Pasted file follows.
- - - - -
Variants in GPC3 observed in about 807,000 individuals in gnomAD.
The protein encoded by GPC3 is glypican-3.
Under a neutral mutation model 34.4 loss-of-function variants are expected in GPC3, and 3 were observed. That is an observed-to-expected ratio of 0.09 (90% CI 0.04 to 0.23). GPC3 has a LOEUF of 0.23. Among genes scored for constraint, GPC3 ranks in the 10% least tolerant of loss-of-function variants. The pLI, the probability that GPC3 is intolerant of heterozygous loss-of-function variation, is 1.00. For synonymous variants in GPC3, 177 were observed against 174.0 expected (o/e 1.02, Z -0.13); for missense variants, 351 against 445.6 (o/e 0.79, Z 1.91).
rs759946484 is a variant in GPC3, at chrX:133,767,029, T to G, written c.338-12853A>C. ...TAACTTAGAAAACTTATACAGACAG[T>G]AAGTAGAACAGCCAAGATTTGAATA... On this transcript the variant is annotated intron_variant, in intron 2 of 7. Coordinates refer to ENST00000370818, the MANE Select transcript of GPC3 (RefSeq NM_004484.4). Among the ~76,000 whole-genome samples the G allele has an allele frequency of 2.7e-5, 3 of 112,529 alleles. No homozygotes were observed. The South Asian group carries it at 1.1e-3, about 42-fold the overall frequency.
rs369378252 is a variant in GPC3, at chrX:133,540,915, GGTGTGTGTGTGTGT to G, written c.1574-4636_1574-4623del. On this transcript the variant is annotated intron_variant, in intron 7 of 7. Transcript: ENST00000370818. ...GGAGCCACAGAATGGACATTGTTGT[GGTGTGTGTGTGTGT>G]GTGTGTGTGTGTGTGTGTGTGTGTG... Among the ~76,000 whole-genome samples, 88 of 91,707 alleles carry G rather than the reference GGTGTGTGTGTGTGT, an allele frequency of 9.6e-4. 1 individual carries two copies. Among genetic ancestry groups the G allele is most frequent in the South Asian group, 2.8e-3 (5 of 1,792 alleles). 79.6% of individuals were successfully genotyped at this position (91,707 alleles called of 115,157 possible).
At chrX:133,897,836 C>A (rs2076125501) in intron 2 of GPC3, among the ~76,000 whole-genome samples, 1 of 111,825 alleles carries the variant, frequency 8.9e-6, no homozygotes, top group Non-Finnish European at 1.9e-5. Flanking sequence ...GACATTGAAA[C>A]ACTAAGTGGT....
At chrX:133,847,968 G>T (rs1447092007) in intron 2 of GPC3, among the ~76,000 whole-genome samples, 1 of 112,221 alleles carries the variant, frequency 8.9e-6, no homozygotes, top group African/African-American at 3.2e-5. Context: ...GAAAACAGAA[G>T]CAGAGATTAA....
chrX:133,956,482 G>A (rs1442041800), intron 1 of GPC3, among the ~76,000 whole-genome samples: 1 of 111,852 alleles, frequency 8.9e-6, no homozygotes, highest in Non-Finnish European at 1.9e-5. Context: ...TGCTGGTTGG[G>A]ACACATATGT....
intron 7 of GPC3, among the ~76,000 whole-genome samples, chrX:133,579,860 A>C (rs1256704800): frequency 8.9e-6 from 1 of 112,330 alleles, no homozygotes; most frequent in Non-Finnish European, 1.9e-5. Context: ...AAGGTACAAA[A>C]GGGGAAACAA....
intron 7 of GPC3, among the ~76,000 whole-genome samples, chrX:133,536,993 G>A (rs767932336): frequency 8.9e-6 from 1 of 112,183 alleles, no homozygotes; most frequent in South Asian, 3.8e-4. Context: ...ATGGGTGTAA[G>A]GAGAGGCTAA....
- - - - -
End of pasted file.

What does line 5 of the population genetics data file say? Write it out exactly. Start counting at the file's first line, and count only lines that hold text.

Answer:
rs369378252 is a variant in GPC3, at chrX:133,540,915, GGTGTGTGTGTGTGT to G, written c.1574-4636_1574-4623del. On this transcript the variant is annotated intron_variant, in intron 7 of 7. Transcript: ENST00000370818. ...GGAGCCACAGAATGGACATTGTTGT[GGTGTGTGTGTGTGT>G]GTGTGTGTGTGTGTGTGTGTGTGTG... Among the ~76,000 whole-genome samples, 88 of 91,707 alleles carry G rather than the reference GGTGTGTGTGTGTGT, an allele frequency of 9.6e-4. 1 individual carries two copies. Among genetic ancestry groups the G allele is most frequent in the South Asian group, 2.8e-3 (5 of 1,792 alleles). 79.6% of individuals were successfully genotyped at this position (91,707 alleles called of 115,157 possible).